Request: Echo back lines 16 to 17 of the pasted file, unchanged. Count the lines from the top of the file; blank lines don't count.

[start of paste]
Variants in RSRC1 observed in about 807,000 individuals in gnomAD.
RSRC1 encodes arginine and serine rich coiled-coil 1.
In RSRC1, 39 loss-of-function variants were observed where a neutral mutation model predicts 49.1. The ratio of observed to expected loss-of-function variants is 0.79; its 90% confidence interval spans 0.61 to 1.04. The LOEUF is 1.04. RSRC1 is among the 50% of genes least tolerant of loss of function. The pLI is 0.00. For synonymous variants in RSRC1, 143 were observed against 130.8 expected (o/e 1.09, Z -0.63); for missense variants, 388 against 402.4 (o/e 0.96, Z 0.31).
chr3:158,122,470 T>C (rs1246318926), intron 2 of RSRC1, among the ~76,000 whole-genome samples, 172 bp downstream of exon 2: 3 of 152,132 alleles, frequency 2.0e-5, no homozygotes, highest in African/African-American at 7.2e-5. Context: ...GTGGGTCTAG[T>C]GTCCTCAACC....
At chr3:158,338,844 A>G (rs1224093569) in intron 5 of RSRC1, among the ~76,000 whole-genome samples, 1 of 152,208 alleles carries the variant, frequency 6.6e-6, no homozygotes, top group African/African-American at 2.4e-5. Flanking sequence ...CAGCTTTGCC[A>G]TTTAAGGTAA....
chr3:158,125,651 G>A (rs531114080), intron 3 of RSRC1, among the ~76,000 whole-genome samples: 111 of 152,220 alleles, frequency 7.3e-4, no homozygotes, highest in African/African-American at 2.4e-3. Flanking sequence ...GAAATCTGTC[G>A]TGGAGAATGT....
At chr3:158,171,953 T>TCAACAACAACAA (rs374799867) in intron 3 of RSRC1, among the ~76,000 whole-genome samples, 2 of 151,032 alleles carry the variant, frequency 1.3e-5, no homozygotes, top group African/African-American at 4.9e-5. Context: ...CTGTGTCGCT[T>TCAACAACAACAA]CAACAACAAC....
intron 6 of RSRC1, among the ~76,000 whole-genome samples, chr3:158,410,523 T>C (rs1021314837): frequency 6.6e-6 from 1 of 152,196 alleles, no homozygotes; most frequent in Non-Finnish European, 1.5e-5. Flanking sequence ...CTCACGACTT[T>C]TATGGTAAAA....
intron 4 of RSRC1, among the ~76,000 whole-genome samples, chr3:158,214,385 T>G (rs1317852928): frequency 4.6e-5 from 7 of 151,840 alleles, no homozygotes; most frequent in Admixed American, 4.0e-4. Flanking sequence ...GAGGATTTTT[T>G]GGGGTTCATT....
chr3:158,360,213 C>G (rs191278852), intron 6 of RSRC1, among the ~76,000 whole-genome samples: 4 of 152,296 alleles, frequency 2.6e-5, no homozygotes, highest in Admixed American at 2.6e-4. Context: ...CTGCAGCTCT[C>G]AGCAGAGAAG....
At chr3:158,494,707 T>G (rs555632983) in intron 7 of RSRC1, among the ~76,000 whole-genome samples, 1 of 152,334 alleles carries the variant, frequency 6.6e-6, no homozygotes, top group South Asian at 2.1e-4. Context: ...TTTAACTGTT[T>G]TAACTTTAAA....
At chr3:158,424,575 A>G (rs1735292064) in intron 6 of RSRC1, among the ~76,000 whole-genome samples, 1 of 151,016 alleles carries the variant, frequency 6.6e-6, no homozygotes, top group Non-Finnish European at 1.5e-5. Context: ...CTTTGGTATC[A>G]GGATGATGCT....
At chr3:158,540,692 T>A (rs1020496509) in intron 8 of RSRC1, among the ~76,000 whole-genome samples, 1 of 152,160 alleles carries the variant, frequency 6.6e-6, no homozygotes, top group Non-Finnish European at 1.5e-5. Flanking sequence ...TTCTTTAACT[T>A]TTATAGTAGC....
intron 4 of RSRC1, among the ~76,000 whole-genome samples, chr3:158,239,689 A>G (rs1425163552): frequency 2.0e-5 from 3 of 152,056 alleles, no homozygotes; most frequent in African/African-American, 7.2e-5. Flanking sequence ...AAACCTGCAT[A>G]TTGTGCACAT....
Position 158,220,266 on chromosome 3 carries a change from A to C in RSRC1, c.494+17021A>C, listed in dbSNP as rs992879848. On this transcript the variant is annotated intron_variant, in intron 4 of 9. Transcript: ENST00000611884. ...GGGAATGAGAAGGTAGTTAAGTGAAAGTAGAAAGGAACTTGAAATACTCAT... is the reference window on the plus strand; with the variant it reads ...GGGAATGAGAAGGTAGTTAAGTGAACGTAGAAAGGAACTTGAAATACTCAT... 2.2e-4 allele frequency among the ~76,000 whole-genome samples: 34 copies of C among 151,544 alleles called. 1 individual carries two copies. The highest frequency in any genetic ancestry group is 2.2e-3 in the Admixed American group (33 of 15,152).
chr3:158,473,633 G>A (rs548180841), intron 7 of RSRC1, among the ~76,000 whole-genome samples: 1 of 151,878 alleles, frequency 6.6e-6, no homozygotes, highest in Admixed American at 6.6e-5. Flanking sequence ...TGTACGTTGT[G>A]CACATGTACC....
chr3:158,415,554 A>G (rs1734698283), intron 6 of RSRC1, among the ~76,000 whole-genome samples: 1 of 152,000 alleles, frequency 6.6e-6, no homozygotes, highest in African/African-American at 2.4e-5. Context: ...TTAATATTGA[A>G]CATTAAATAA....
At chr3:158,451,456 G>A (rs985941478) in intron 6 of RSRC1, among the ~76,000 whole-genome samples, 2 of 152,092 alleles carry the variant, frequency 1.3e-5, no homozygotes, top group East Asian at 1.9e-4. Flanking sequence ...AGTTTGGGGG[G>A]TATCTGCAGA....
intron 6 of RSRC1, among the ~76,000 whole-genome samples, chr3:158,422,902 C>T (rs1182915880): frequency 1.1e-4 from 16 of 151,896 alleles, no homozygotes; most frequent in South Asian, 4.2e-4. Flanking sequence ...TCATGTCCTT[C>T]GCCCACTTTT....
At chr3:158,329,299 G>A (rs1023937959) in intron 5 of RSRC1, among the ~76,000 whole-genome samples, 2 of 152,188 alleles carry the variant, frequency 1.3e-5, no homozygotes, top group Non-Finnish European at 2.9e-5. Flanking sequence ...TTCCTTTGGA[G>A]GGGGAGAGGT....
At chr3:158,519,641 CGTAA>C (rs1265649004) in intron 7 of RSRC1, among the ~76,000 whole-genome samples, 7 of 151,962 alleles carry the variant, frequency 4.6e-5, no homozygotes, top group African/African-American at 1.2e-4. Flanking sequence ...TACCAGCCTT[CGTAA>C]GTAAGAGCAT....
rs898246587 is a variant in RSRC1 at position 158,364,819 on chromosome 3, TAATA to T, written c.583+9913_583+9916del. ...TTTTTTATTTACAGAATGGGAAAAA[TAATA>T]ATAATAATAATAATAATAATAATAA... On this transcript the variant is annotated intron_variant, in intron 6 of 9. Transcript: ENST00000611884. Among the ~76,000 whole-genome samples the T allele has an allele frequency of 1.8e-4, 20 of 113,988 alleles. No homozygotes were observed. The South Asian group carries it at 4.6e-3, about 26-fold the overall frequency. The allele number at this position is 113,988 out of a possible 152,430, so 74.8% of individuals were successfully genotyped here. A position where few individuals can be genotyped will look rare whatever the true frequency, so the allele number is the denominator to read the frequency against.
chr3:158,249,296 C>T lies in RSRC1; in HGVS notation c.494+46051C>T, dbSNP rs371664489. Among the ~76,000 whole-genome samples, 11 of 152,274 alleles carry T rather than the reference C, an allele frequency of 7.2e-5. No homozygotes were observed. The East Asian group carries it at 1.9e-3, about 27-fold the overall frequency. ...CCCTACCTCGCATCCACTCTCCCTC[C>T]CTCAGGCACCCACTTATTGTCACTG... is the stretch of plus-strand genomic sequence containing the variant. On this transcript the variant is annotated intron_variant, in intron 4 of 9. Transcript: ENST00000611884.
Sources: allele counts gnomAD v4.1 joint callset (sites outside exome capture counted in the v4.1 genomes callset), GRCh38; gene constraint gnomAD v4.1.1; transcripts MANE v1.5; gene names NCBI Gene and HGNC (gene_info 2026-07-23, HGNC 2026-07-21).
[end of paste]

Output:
chr3:158,473,633 G>A (rs548180841), intron 7 of RSRC1, among the ~76,000 whole-genome samples: 1 of 151,878 alleles, frequency 6.6e-6, no homozygotes, highest in Admixed American at 6.6e-5. Flanking sequence ...TGTACGTTGT[G>A]CACATGTACC....
chr3:158,415,554 A>G (rs1734698283), intron 6 of RSRC1, among the ~76,000 whole-genome samples: 1 of 152,000 alleles, frequency 6.6e-6, no homozygotes, highest in African/African-American at 2.4e-5. Context: ...TTAATATTGA[A>G]CATTAAATAA....